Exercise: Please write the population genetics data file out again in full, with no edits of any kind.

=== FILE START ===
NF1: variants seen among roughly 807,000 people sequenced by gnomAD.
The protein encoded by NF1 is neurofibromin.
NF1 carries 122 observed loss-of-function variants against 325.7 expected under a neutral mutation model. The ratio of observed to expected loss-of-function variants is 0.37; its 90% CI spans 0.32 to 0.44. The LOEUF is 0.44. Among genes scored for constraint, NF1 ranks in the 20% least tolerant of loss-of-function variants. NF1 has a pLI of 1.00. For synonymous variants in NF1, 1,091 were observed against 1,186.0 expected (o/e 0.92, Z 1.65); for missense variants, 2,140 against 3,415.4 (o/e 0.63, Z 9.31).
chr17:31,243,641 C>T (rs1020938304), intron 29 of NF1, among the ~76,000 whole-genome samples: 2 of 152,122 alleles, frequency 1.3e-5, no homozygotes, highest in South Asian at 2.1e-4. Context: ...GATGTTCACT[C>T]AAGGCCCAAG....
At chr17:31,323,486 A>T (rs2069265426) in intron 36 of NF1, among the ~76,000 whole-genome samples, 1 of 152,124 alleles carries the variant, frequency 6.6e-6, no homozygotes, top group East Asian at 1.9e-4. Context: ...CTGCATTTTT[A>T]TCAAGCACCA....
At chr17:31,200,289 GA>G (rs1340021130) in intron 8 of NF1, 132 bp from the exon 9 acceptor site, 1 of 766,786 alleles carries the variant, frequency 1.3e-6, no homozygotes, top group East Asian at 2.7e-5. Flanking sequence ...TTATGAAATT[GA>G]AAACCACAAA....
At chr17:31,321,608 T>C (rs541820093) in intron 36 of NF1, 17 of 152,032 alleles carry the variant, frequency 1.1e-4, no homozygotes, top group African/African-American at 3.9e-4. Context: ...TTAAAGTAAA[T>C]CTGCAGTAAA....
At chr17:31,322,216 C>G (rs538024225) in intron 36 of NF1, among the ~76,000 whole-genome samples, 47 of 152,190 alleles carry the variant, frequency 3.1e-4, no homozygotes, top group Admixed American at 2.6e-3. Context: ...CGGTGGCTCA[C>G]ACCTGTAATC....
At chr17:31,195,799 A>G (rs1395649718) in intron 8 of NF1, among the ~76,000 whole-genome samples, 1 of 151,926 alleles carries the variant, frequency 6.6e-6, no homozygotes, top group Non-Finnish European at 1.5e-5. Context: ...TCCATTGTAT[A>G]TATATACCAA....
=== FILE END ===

NF1: variants seen among roughly 807,000 people sequenced by gnomAD.
The protein encoded by NF1 is neurofibromin.
NF1 carries 122 observed loss-of-function variants against 325.7 expected under a neutral mutation model. The ratio of observed to expected loss-of-function variants is 0.37; its 90% CI spans 0.32 to 0.44. The LOEUF is 0.44. Among genes scored for constraint, NF1 ranks in the 20% least tolerant of loss-of-function variants. NF1 has a pLI of 1.00. For synonymous variants in NF1, 1,091 were observed against 1,186.0 expected (o/e 0.92, Z 1.65); for missense variants, 2,140 against 3,415.4 (o/e 0.63, Z 9.31).
chr17:31,243,641 C>T (rs1020938304), intron 29 of NF1, among the ~76,000 whole-genome samples: 2 of 152,122 alleles, frequency 1.3e-5, no homozygotes, highest in South Asian at 2.1e-4. Context: ...GATGTTCACT[C>T]AAGGCCCAAG....
At chr17:31,323,486 A>T (rs2069265426) in intron 36 of NF1, among the ~76,000 whole-genome samples, 1 of 152,124 alleles carries the variant, frequency 6.6e-6, no homozygotes, top group East Asian at 1.9e-4. Context: ...CTGCATTTTT[A>T]TCAAGCACCA....
At chr17:31,200,289 GA>G (rs1340021130) in intron 8 of NF1, 132 bp from the exon 9 acceptor site, 1 of 766,786 alleles carries the variant, frequency 1.3e-6, no homozygotes, top group East Asian at 2.7e-5. Flanking sequence ...TTATGAAATT[GA>G]AAACCACAAA....
At chr17:31,321,608 T>C (rs541820093) in intron 36 of NF1, 17 of 152,032 alleles carry the variant, frequency 1.1e-4, no homozygotes, top group African/African-American at 3.9e-4. Context: ...TTAAAGTAAA[T>C]CTGCAGTAAA....
At chr17:31,322,216 C>G (rs538024225) in intron 36 of NF1, among the ~76,000 whole-genome samples, 47 of 152,190 alleles carry the variant, frequency 3.1e-4, no homozygotes, top group Admixed American at 2.6e-3. Context: ...CGGTGGCTCA[C>G]ACCTGTAATC....
At chr17:31,195,799 A>G (rs1395649718) in intron 8 of NF1, among the ~76,000 whole-genome samples, 1 of 151,926 alleles carries the variant, frequency 6.6e-6, no homozygotes, top group Non-Finnish European at 1.5e-5. Context: ...TCCATTGTAT[A>G]TATATACCAA....